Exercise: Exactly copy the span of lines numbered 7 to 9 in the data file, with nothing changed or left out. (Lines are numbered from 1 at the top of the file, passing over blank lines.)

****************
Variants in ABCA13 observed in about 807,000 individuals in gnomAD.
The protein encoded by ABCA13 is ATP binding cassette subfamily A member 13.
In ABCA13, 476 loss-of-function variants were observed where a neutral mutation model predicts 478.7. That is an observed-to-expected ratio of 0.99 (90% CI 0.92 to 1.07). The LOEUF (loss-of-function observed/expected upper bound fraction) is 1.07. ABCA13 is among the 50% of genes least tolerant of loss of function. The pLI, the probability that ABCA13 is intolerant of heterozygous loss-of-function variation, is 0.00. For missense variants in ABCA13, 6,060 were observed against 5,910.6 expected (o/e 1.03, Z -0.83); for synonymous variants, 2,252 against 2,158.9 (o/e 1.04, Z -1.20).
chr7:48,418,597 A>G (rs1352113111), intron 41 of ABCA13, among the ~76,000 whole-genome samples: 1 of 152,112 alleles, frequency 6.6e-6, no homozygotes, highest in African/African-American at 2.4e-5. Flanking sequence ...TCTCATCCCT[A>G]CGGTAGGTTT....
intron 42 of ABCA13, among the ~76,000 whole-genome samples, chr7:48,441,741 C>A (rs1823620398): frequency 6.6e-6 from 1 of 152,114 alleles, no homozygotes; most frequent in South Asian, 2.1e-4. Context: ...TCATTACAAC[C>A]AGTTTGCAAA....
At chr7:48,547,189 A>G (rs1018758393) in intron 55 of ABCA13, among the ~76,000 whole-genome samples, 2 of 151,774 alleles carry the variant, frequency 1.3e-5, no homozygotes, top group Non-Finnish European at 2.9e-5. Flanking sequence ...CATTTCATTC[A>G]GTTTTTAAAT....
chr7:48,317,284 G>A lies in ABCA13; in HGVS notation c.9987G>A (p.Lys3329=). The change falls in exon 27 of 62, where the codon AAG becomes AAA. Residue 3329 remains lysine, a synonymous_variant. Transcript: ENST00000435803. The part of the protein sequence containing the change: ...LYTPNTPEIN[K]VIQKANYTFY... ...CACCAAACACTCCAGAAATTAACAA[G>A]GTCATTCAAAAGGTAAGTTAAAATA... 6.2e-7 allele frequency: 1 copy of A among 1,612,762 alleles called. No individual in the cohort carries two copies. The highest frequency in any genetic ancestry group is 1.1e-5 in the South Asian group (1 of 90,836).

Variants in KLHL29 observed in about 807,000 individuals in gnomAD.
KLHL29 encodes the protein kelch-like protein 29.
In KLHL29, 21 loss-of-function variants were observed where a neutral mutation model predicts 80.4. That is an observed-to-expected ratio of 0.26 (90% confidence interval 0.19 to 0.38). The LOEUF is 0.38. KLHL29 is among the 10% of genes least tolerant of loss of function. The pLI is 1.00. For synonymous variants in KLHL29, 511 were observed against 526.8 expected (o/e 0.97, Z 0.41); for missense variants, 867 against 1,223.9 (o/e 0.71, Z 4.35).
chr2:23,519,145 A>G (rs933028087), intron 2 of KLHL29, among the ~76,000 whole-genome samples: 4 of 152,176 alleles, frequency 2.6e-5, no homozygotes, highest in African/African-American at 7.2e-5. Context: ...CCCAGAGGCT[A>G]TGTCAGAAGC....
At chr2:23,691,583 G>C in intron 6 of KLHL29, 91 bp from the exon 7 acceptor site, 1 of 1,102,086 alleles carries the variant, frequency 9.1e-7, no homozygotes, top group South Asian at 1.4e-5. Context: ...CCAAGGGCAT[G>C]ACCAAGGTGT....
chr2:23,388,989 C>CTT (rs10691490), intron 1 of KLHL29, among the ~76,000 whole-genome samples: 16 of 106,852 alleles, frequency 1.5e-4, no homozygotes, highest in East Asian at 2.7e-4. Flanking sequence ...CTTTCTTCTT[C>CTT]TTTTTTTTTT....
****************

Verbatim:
chr7:48,317,284 G>A lies in ABCA13; in HGVS notation c.9987G>A (p.Lys3329=). The change falls in exon 27 of 62, where the codon AAG becomes AAA. Residue 3329 remains lysine, a synonymous_variant. Transcript: ENST00000435803. The part of the protein sequence containing the change: ...LYTPNTPEIN[K]VIQKANYTFY... ...CACCAAACACTCCAGAAATTAACAA[G>A]GTCATTCAAAAGGTAAGTTAAAATA... 6.2e-7 allele frequency: 1 copy of A among 1,612,762 alleles called. No individual in the cohort carries two copies. The highest frequency in any genetic ancestry group is 1.1e-5 in the South Asian group (1 of 90,836).

Variants in KLHL29 observed in about 807,000 individuals in gnomAD.
KLHL29 encodes the protein kelch-like protein 29.